JMIR Human Factors
Editor-in-Chief: Andre Kushniruk BA, MSc, PhD, FACMI, School of Health Information Science, University of Victoria, Canada
Andre Kushniruk BA, MSc, PhD, FACMI, School of Health Information Science, University of Victoria, Canada
JMIR Human Factors (JHF, ISSN 2292-9495; Editor-in-Chief: Prof. Andre Kushniruk) is a multidisciplinary journal with contributions from design experts, medical researchers, engineers, and social scientists. JMIR Human Factors focuses on understanding how the behaviour and thinking of humans can influence and shape the design of health care interventions and technologies, and how the design can be evaluated and improved to make health care interventions and technologies usable, safe, and effective. This includes usability studies and heuristic evaluations, studies concerning ergonomics and error prevention, design studies for medical devices and healthcare systems/workflows, enhancing teamwork through human factors-based teamwork training, measuring non-technical skills in staff like leadership, communication, situational awareness and teamwork, and healthcare policies and procedures to reduce errors and increase safety.
JMIR Human Factors has a broad scope, including papers which are more technical or more formative than what would be published in the Journal of Medical Internet Research. JMIR Human Factors features a rapid and thorough peer-review process, professional copyediting and production, adhering to the same quality standards as JMIR. All articles are also cross-listed in the Table of Contents of JMIR. (http://www.jmir.org/issue/current).
Mobile eHealth apps are important tools in personal health care management. The Patient Journey app was developed to inform patients with musculoskeletal disorders during their perioperative period. The app contains timely information, video exercises, and functional tasks. Although the Patient Journey app and other health apps are widely used, little research is available on how patients appreciate these apps.
Health information technology (HIT) has been widely adopted in hospital settings, contributing to improved patient safety. However, many types of medical errors attributable to information technology (IT) have negatively impacted patient safety. The continued occurrence of many errors is a reminder that HIT software testing and validation is not adequate in ensuring errorless software functioning within the health care organization.
The need to have and seek information shapes the context of computing systems. When it comes to health, individual coping influences human behavior. Therefore, the relationship between individual coping and the need to have and seek health information plays a crucial role in the development of digital health systems.
Health coaching is an intervention process for driving behavior change through goal-setting, education, encouragement, and feedback on health-related behaviors. Telehealth systems that include health coaching and remote monitoring are making inroads in managing chronic conditions and may be especially suited for older populations.
The assessment of usability is a complex process that involves several steps and procedures. It is important to standardize the evaluation and reporting of usability procedures across studies to guide researchers, facilitate comparisons across studies, and promote high-quality usability studies. The first step to standardizing is to have an overview of how usability study procedures are reported across the literature.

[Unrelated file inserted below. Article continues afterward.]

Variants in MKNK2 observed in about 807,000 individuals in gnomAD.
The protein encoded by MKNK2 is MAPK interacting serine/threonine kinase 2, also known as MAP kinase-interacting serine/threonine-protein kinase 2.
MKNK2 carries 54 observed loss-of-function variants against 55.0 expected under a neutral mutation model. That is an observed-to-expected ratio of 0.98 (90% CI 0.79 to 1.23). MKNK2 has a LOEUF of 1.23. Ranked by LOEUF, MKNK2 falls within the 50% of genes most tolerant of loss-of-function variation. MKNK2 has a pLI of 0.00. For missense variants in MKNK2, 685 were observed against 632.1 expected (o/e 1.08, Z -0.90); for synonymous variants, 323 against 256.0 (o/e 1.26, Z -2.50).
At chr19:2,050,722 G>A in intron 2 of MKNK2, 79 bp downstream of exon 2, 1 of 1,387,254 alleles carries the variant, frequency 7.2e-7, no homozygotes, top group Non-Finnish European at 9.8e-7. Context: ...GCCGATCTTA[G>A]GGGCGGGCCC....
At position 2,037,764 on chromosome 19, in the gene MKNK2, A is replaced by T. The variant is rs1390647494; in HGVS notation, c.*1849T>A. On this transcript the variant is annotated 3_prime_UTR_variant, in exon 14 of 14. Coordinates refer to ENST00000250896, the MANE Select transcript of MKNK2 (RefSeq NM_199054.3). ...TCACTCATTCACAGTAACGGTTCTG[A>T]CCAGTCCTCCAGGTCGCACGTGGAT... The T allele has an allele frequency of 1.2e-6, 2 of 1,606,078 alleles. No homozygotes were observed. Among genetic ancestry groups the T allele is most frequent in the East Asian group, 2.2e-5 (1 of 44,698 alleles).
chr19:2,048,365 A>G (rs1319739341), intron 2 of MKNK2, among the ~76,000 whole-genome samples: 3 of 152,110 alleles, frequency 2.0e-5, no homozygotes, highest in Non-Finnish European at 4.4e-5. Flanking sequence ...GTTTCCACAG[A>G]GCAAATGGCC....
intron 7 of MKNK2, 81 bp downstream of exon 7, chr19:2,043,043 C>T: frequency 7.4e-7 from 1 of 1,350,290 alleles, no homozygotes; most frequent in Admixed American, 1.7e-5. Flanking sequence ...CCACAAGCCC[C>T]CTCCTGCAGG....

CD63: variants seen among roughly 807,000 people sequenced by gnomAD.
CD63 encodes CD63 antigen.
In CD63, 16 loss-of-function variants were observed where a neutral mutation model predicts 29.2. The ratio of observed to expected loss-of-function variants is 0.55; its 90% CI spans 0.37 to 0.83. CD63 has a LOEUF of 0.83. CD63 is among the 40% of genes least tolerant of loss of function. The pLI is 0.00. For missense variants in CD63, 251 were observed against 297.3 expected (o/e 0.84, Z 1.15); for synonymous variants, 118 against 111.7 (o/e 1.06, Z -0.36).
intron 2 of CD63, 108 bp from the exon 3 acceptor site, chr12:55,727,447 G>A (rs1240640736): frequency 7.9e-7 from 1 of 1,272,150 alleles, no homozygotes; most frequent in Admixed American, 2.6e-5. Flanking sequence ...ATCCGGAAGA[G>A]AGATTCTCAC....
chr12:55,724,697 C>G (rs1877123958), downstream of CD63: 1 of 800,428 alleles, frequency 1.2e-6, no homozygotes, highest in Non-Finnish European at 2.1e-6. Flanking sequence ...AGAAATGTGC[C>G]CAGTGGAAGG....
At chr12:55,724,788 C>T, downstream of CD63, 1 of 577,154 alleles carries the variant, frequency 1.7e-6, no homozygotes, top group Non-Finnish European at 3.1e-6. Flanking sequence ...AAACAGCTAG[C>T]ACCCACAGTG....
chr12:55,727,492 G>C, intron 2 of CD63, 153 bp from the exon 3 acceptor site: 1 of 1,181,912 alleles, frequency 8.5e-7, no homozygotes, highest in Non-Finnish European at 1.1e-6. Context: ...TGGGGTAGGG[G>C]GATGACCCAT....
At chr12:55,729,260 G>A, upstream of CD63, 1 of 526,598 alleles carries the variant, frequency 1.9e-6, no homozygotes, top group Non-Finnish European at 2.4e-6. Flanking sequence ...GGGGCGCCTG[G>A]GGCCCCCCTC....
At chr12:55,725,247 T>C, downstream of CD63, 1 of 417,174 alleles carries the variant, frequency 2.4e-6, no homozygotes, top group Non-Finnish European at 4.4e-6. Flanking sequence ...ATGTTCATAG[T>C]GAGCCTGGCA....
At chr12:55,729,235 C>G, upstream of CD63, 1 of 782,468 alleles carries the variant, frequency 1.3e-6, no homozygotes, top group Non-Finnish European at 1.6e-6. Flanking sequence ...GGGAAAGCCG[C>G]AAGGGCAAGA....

Although eHealth technology makes it possible to improve the management of complex health care systems and follow up on chronic patients, it is not without challenges, thus requiring the development of efficient programs and graphic user interface (GUI) features. Similar information technology tools are crucial, as health care populations are going to have to endure social distancing measures in the forthcoming months and years.
As the COVID-19 pandemic has become a major public health threat worldwide, it is critical to understand what factors affect individual engagement in protective actions. Because of its authoritarian political system and state-owned media system, how Chinese individuals engaged in protective actions against COVID-19 might be different compared to other countries.
The System Usability Scale (SUS) is a common metric used to assess the usability of a system, and it was initially developed in English. The implementation of electronic systems for clinical counseling (eHealth and mobile health) is increasing worldwide. Therefore, tools are needed to evaluate these applications in the languages and regional contexts in which the electronic tools are developed.
Although interdisciplinary multimodal pain treatment (IMPT) programs are widely regarded as treatment of choice for patients with chronic pain, there are signs that many patients are unable to maintain their treatment gains in the long term. To facilitate the maintenance of positive treatment outcomes over time, we developed two relapse prevention strategies.
eHealth solutions such as digital decision support systems (DDSSs) have the potential to assist collaboration between health care staff to improve matters for specific patient groups. Patients with hard-to-heal ulcers have long healing times because of a lack of guidelines for structured diagnosis, treatment, and follow-up. Multidisciplinary collaboration in wound management teams is essential. A DDSS could offer a way of aiding improvement within wound management. The introduction of eHealth solutions into health care is complicated, and the engagement of the staff seems crucial. Factors influencing and affecting engagement need to be understood and considered for the introduction of a DDSS to succeed.
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